Whether you tell your child a similar story or just suggest a straightforward plan of action for beginning toilet training (“How about wearing that pretty princess underwear today? Don’t worry about getting it wet. We’ll pay attention to when you need to pee and I’ll help you get to the bathroom in time.”), your child will welcome your help in laying out the steps she needs to follow.
Once you have created a game plan with your child, it’s important to follow through consistently. You may have remarked to her, for example, that you usually need to use the bathroom after meals and before bedtime, and the two of you have agreed that she will try that, too. If so, be ready to remind her to sit on the potty at each of these times if necessary and accompany her there if she is hesitant to go. You may need to exert a little pressure to get her to stick to a plan she’s agreed to. Refusing a treat until she’s completed this chore demonstrates that this responsibility must be met—just like brushing her teeth and taking a bath.
Since your goal is to help your child move from being reminded to use the potty toward recognizing and addressing the need on her own, it makes sense to support her efforts further by offering helpful tips along the way. Just as you would with a younger child, teach her to be aware of the signals her body gives her and to use them as spurs to action: “Joanne, you’re squirming around a lot. Does your tummy feel funny? That means you need to pee.” Remind her of what needs to be done to succeed at this skill: “I know it’s hard to stop playing when you’re having so much fun, but when you need to use the potty, it’s important to go right away. Come on, I’ll help you.”
Support her in unfamiliar situations: “If you need to use the potty at Sandy’s house, tell her mommy and she’ll show you where it is.” Point out how much better she feels after she’s used the potty and how nice it is to know she won’t wet her pants this time. Like a coach encouraging a player to perform well, your goal is not to control her learning process by constantly directing her, but to “spot” her by making suggestions when necessary and by cheering her on.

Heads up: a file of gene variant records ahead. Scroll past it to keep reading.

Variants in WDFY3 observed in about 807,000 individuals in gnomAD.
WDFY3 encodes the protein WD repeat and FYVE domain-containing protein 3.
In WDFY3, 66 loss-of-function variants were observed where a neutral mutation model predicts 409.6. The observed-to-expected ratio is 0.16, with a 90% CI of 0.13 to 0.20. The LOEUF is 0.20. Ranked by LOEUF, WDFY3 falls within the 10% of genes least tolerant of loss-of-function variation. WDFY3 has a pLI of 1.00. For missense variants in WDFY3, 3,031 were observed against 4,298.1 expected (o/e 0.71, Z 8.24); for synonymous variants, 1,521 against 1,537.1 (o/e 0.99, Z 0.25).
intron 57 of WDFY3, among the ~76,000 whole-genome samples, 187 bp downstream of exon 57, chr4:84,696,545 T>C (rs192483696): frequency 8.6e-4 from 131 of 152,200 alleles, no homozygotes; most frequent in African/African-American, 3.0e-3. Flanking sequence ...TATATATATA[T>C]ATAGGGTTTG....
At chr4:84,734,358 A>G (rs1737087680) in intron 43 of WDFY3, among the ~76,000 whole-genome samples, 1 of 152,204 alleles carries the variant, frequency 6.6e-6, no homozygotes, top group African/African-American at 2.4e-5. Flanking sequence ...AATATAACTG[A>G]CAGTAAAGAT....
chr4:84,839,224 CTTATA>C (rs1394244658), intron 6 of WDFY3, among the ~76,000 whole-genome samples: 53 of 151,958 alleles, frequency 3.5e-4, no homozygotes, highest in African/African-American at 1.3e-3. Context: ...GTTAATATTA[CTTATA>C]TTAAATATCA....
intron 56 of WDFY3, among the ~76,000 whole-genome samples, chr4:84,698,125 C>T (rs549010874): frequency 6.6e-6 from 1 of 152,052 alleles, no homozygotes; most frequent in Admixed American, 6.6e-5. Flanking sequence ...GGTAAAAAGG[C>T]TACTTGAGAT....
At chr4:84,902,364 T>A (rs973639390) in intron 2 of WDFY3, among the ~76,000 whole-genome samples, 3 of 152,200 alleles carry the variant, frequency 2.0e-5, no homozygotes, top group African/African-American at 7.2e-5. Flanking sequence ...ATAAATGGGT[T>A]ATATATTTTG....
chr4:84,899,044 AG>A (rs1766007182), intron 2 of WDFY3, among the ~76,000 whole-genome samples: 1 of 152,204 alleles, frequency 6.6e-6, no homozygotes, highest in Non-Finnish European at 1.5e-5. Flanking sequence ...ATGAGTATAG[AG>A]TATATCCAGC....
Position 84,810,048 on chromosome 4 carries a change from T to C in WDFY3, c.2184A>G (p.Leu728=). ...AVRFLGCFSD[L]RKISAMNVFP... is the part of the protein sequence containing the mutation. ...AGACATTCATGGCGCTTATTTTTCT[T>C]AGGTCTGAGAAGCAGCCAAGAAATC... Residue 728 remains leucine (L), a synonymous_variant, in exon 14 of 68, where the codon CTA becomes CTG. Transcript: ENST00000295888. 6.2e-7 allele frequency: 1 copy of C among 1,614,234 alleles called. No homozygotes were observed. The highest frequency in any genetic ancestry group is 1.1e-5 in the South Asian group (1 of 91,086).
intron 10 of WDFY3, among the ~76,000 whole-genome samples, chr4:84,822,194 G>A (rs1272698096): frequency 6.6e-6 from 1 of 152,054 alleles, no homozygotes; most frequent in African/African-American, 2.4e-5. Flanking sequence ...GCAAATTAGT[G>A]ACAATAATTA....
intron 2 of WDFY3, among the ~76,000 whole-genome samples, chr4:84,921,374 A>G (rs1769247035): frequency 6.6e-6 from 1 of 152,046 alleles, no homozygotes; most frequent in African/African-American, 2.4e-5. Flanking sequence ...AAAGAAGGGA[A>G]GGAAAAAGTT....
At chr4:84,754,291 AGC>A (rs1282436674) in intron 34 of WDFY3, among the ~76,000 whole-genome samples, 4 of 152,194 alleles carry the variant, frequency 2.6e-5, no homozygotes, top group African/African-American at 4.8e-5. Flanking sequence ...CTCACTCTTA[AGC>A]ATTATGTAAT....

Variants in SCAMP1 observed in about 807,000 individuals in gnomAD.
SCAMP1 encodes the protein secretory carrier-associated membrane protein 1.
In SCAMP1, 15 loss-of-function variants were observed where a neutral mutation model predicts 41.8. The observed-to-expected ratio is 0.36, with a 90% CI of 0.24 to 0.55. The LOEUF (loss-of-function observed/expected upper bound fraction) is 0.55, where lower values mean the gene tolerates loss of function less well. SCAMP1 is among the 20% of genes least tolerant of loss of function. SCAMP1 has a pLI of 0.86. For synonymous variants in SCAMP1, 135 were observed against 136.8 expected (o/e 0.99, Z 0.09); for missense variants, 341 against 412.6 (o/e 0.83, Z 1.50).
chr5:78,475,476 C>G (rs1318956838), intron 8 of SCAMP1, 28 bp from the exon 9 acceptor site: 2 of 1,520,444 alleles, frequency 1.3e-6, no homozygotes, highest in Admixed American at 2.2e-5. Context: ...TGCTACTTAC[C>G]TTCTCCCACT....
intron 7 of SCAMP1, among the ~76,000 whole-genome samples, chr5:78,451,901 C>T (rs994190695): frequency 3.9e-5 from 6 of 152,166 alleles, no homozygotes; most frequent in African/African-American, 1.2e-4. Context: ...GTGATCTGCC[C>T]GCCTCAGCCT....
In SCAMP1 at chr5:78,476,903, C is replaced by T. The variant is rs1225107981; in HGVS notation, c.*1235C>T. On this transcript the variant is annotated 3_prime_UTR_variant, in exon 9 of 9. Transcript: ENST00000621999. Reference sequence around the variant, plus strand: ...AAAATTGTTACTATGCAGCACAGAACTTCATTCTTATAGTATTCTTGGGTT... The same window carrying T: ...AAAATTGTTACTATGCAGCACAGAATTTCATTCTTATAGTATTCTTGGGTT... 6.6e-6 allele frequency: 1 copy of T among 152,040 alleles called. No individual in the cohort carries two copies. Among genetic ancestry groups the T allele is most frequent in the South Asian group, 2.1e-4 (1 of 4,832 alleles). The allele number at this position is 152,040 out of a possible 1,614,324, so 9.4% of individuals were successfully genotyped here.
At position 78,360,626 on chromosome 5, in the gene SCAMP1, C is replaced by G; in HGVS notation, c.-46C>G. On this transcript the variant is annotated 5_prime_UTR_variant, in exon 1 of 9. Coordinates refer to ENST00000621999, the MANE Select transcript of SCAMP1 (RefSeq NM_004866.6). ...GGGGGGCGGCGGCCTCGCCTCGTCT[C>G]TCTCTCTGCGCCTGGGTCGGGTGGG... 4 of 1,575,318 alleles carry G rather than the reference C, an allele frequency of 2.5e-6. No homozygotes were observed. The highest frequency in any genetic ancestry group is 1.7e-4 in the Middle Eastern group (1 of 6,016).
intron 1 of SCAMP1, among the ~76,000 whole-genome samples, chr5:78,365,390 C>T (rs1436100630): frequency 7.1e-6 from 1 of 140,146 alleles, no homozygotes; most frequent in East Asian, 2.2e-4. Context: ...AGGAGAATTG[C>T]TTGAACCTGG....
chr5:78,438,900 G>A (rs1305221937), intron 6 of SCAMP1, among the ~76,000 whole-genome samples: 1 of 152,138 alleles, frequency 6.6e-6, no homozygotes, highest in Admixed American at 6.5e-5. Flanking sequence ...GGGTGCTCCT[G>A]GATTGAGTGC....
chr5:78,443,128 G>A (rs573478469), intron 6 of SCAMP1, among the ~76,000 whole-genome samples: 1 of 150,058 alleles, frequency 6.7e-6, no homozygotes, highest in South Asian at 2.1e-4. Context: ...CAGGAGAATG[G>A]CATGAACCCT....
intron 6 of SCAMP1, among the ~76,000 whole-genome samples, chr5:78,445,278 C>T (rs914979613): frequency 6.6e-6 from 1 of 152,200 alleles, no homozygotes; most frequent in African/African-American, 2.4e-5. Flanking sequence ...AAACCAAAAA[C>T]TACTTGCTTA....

One of the strongest motivating forces for a preschooler mastering a new skill is his parents’ praise. When your child succeeds at any of the steps involved in toilet training—picturing a goal (“I wanna wear underwear like Daddy!”), creating a plan (“If I have to go, I call you.”), or actually achieving his goal (“Daddy, look, I did it!”)—be sure to reinforce his feelings of satisfaction with a hug and a kiss. Restate his achievement (“Look at that, Ronnie, you pooped in the potty!”) and let him know he should feel good about it (“You must feel proud.”). Finally, express your own satisfaction clearly by letting him hear you report his success to others in the family (“Guess what Ronnie did today? He pooped in the potty—just like Sam.”) and even offering him a small reward such as candy or a gold star on his “potty chart.”
When accidents occur, let him accept responsibility for this experience as well by asking him to help you clean up (if he resists, calmly insist that he comply). Such natural consequences of his own actions motivate him to try harder and are much more effective than criticism or anger in the long run.